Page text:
Unfortunately, while these preventative measures can fend off some challenges before they occur, your schools will inevitably deal with some level of opposition and conflict. But if conflict is unavoidable, how do you handle it? The answer is effective dialogue.

In her book Beyond Your Bubble, Professor of Counseling Psychology Dr. Tania Israel offers practical advice for fostering understanding and de-escalating conflict through healthy, empathetic dialogue. While she focuses primarily on bridging political divides, the principles she shares could apply to any ideological disagreement. Dialogue, she says, is distinct from diatribe—angrily venting frustration at the other point of view—or debate—trading clever arguments to one-up each other. “Dialogue isn’t about winning,” Israel writes. “It’s about understanding.” The more we understand someone else, the better we can empathize with them—and empathy almost always deescalates conflict.

Before you jump into a dialogue, consider these guidelines:

This conversation should happen offline. In Beyond Your Bubble, Israel emphasizes that dialogue is most effective when it’s “face to face, not Facebook to Facebook.” Conversation on social media, she writes, “tends to focus on the expression of one’s own views, without trying to comprehend other people’s positions. This may feel satisfying in the short term, but it does not promote mutual understanding and connection.”

One-on-one is best. “It’s challenging to try to repair relationships in a public forum,” Israel tells SchoolCEO. “When people are observing our behavior, we often try to demonstrate solidarity with those who have similar views.” Unfortunately, this alienates those on the opposite side of the issue. In a one-on-one conversation, you can focus on addressing your conversation partner’s specific viewpoint.

Both sides must be open to conversation. Dialogue is a mutual back-and-forth, and it re- quires both sides to enter into the conversation in good faith. No matter how open-minded you are, you can’t have a dialogue with someone who’s not interested in understanding your point of view.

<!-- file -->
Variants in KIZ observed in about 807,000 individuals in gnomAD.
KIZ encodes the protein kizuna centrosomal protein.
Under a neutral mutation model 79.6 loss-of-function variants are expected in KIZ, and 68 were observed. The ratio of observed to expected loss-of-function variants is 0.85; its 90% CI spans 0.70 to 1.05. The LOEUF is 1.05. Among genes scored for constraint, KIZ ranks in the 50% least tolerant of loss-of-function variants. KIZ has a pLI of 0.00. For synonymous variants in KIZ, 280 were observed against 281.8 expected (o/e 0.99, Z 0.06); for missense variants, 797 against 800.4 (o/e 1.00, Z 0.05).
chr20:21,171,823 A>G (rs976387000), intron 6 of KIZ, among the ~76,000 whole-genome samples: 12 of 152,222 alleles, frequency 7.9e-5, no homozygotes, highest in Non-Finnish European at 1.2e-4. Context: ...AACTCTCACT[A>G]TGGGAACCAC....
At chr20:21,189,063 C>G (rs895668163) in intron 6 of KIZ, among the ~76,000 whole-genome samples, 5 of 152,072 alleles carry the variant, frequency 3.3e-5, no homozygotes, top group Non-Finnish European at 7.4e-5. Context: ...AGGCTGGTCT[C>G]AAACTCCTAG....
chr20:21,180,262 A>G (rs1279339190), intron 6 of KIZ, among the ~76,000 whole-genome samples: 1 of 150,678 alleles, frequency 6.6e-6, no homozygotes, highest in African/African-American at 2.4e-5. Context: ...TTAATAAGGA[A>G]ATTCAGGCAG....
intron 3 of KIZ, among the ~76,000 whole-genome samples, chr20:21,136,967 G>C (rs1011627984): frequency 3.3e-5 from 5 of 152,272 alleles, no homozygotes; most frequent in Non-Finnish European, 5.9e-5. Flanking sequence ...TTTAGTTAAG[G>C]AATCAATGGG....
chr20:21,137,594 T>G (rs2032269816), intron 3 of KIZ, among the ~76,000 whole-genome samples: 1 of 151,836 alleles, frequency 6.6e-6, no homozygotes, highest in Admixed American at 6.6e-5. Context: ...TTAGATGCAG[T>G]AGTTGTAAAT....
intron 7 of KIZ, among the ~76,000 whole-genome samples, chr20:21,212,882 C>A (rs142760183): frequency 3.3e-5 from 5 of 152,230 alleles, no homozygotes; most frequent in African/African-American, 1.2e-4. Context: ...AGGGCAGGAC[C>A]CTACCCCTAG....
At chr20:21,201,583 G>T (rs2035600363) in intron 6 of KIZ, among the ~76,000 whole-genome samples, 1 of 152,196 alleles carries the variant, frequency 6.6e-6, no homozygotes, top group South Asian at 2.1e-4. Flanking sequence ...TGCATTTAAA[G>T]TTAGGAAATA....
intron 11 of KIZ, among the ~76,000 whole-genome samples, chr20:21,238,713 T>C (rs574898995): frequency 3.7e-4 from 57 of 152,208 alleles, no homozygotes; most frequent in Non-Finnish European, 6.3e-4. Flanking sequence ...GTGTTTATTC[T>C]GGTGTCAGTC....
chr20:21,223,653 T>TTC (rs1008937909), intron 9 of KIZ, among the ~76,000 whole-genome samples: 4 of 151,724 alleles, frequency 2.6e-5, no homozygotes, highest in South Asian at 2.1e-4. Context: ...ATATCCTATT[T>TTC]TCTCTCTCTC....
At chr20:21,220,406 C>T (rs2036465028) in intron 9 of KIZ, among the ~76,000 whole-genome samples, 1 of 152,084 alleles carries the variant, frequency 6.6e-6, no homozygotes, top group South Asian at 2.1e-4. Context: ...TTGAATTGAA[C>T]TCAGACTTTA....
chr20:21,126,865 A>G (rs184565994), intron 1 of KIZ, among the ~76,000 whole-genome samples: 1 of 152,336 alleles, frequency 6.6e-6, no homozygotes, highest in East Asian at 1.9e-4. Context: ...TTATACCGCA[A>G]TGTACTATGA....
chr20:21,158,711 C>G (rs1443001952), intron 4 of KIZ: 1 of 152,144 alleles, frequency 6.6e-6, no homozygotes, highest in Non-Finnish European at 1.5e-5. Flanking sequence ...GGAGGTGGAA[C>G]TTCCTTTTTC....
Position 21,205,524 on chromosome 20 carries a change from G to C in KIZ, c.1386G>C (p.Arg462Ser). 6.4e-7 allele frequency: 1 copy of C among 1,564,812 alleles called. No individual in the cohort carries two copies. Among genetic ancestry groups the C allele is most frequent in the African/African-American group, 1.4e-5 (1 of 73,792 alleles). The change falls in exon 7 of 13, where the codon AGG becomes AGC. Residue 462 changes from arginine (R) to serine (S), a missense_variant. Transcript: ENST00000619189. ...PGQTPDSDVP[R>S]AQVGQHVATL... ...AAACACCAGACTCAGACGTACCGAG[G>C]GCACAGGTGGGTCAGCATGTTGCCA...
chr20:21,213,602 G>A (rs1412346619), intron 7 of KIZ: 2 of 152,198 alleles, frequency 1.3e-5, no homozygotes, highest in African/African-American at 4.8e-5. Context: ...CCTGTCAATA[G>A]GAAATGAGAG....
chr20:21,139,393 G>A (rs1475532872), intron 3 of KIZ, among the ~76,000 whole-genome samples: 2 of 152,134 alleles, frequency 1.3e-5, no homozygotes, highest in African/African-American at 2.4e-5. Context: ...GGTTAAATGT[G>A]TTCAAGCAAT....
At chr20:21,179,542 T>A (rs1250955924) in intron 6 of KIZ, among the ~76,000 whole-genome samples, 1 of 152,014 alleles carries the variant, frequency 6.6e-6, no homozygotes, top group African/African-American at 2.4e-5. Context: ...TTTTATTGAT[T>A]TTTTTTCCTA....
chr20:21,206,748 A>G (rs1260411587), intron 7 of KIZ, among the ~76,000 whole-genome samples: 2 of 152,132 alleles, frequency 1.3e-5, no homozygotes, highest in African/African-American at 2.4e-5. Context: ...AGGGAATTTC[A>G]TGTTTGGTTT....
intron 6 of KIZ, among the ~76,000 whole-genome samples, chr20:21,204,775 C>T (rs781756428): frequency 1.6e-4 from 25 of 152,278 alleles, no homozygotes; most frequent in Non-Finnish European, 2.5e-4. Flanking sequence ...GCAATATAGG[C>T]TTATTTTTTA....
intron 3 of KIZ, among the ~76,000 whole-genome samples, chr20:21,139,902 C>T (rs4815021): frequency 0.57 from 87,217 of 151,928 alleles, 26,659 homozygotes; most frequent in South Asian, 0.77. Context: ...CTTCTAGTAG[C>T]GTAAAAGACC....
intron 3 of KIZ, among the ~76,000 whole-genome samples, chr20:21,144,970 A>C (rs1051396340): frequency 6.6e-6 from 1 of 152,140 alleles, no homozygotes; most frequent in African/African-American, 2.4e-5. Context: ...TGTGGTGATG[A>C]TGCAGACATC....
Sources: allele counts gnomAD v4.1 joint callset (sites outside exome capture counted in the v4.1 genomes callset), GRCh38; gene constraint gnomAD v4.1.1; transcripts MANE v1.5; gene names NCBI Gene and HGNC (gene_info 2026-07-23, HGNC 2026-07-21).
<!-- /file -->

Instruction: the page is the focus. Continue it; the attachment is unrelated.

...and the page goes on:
Your safety comes first. School issues often bring up powerful emotions for both families and educators, and, as you know, it’s not unusual for discussions to get heated. However, if you feel physically threatened, you have no obligation to continue the conversation. “Don’t worry about being polite,” Israel writes. “Just get yourself out as quickly and safely as you can.”

Examine your thought processes.

Before you begin a conversation, it’s important to get your thoughts in order. Here are a few guiding questions to consider as you prepare.

How am I thinking about this other person?

How do you feel about the person on the other side of this conversation? Do you really have a clear picture of them, or is your view clouded by bias?

“Most of us have a lot of cognitive biases that skew our understanding of people, especially those we perceive as different from ourselves,” Israel tells SchoolCEO. “We tend to view people on a different side of an issue as being more extreme than they actually are and as being misinformed or uninformed. We might question their motivations and even their morality, and we are more likely to see people who disagree with us as being motivated by political ideology or even hatred.” However, most of the time, this isn’t the case, she says. “It’s important that we correct that misperception.”